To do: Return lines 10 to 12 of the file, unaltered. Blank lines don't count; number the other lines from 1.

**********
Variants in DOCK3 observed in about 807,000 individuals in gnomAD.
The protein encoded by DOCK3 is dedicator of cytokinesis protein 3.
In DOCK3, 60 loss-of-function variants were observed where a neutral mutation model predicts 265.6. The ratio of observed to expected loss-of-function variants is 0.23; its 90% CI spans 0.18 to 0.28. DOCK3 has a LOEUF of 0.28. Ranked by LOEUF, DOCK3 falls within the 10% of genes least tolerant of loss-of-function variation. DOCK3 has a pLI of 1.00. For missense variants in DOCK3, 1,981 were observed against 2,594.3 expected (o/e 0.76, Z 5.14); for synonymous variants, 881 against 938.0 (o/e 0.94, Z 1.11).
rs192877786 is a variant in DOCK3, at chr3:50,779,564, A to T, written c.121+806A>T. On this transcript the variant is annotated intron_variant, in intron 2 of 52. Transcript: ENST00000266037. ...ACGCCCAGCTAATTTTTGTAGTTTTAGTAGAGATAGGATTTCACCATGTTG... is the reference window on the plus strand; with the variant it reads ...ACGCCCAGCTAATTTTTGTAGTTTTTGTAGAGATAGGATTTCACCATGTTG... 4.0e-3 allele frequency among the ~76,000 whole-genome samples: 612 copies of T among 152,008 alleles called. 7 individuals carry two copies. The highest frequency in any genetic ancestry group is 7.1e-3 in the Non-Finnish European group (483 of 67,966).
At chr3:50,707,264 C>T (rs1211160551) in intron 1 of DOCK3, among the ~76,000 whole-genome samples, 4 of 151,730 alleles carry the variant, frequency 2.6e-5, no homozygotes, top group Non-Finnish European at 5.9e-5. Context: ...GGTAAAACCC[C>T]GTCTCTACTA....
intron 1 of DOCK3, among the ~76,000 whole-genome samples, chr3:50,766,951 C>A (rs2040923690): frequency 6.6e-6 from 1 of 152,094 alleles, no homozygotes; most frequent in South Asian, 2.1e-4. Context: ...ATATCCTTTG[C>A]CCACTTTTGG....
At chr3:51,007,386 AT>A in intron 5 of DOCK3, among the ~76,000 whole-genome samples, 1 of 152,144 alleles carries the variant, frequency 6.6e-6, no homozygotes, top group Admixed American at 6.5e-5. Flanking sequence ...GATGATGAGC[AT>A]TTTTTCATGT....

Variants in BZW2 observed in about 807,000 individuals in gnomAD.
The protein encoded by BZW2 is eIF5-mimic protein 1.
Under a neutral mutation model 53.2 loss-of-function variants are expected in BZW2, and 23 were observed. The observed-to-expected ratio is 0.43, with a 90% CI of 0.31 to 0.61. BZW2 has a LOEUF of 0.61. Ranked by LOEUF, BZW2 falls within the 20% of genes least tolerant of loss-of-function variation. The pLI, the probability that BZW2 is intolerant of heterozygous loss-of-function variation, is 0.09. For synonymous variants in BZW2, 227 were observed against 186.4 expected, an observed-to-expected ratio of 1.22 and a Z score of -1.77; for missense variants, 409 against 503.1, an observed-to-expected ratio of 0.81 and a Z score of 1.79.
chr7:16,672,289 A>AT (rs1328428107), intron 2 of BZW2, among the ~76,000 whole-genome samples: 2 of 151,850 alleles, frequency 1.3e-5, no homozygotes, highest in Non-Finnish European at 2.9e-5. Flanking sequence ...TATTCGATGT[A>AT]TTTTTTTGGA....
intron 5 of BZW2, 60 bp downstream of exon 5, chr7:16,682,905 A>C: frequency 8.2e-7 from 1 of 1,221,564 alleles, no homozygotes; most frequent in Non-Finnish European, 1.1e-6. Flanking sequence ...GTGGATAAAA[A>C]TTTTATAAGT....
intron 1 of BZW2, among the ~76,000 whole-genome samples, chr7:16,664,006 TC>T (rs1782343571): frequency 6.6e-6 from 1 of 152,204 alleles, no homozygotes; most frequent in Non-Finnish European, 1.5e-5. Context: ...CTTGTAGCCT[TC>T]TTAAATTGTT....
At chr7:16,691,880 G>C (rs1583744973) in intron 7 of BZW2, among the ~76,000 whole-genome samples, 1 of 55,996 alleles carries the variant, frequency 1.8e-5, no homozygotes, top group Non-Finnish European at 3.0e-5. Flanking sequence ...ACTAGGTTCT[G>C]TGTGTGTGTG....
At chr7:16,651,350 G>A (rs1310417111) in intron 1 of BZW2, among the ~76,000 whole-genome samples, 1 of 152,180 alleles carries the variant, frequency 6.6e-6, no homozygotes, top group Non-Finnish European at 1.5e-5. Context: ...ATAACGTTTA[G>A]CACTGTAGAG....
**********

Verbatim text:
Under a neutral mutation model 53.2 loss-of-function variants are expected in BZW2, and 23 were observed. The observed-to-expected ratio is 0.43, with a 90% CI of 0.31 to 0.61. BZW2 has a LOEUF of 0.61. Ranked by LOEUF, BZW2 falls within the 20% of genes least tolerant of loss-of-function variation. The pLI, the probability that BZW2 is intolerant of heterozygous loss-of-function variation, is 0.09. For synonymous variants in BZW2, 227 were observed against 186.4 expected, an observed-to-expected ratio of 1.22 and a Z score of -1.77; for missense variants, 409 against 503.1, an observed-to-expected ratio of 0.81 and a Z score of 1.79.
chr7:16,672,289 A>AT (rs1328428107), intron 2 of BZW2, among the ~76,000 whole-genome samples: 2 of 151,850 alleles, frequency 1.3e-5, no homozygotes, highest in Non-Finnish European at 2.9e-5. Flanking sequence ...TATTCGATGT[A>AT]TTTTTTTGGA....
intron 5 of BZW2, 60 bp downstream of exon 5, chr7:16,682,905 A>C: frequency 8.2e-7 from 1 of 1,221,564 alleles, no homozygotes; most frequent in Non-Finnish European, 1.1e-6. Flanking sequence ...GTGGATAAAA[A>C]TTTTATAAGT....